After the storm

It’s been a rough spring.  Tornadoes.  Flooding.  More tornadoes.  Our friends in the non-profit world who respond to disasters have their hands full.
I’ve spent much of this week in Joplin, arriving there at about noon on Monday with cooking teams from several nearby Tyson locations.  There’s little hyperbole in the media reports.  It’s as much concentrated destruction as I’ve seen. 
Events like these stretch every element of life to their extreme: Sadness and despair; hope and triumph; humankind’s generosity and its greed.  Police have to expand patrols to prevent looting, while hundreds put themselves in harm’s way in heroic efforts to pull survivors from the rubble. 
Most of us see our neighbors affected like this and we have a tremendous need to reach out and assist.  I’m very fortunate to work for a company that pays me to reach out and assist.  I’m also extremely fortunate to work around thousands of fellow Tyson team members who are quite ready to suspend their work and their personal lives and go help those who have been affected.
After recent devastating tornadoes in western Iowa, Alabama, Arkansas, North Carolina, Kansas, and the most recent one in Joplin, Tyson team members went to work, cooking food, collecting money and personal items, and providing assistance where necessary.  Teams from eighteen Tyson locations from around the south dispersed through north Alabama.  Our team from Vicksburg, Mississippi, who’d been to Alabama, was called on to assist with flooding when they arrived home.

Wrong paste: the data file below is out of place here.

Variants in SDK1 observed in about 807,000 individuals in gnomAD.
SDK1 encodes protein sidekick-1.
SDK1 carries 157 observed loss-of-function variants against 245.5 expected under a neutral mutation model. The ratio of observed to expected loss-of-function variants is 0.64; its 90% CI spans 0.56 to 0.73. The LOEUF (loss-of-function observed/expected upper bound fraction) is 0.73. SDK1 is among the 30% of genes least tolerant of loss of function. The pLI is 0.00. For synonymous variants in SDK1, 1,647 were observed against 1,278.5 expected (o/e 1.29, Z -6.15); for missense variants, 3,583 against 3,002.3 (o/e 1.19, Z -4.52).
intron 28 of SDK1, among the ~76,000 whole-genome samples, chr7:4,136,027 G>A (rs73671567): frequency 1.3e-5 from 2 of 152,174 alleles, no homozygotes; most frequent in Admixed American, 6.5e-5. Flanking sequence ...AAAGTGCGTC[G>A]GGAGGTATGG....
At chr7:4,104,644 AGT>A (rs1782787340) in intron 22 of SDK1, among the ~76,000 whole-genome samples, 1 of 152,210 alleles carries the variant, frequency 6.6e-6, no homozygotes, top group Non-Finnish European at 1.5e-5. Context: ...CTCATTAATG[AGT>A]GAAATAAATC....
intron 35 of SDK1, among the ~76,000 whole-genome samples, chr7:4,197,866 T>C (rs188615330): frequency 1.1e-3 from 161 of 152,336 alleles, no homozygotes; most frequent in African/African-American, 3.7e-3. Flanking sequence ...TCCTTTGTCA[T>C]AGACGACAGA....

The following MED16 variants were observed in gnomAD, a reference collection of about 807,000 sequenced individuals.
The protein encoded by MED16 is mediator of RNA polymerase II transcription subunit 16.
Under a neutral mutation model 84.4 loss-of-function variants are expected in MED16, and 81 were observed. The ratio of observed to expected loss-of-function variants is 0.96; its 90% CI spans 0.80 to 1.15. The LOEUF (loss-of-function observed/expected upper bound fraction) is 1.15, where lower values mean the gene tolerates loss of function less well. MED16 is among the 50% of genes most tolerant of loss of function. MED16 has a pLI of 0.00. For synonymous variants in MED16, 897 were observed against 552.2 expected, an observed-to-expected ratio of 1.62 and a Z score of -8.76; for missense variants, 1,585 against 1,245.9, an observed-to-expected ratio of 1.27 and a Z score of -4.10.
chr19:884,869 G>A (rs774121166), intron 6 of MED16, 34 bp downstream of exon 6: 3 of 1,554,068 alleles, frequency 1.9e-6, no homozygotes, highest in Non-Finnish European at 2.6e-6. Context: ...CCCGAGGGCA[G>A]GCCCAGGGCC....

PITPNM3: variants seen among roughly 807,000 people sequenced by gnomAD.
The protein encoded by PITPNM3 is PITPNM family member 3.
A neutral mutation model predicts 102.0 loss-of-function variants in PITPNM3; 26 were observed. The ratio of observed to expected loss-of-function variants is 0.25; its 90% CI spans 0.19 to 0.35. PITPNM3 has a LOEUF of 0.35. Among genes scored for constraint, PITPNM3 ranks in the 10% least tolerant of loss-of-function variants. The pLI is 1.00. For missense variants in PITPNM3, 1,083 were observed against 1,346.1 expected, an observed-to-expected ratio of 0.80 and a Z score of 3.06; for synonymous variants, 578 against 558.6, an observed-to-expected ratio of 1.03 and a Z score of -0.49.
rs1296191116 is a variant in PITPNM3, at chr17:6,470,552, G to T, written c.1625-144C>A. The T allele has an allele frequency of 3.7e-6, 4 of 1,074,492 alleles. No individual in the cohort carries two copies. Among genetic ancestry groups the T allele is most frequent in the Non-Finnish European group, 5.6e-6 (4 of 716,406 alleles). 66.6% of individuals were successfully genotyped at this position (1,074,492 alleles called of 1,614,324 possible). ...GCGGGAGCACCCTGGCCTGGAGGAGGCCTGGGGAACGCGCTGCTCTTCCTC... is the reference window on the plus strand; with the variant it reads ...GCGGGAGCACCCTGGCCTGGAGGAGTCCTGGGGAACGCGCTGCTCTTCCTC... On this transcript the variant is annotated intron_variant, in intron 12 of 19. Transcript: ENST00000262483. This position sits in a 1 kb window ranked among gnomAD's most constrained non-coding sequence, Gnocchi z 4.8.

This week, six teams showed up in Noel by the end of the day on Monday.  Wednesday morning, the team from Clarksville, Arkansas went home to assist with relief in their own community after tornadoes struck.  That same afternoon, the team from Sedalia, Missouri was called home after a tornado in their community.
Through all of this, hundreds of Tyson folks served tens of thousands of meals to people who are always gracious and appreciative, even in the face of the trials they’re going through. Keep all of those affected in your thoughts and prayers.

2 Replies to “After the storm”

  1. kim dillard

    Hi Ed, it must feel really great to be able to help out as much as you have been able to help. I live on Sallisaw Ok. and would like to do some volunteer work through all of this devastation. Let me know if there is anyway that I can help. I do have the summer off so I have quite a bit of time to help.

    • Ed Nicholson Post author

      There’s an overwhelming amount of volunteers right now. One of the directors of the Office of Emergency Services told me he had a list of 7000 who wanted to assist. But the recovery from this disaster will go on for a long time. The scope is almost unfathomable. I think once the initial shock of the destruction wears off, and the current wave of volunteers wears out–in a couple of weeks, likely–there will be a REAL need for people to help out.

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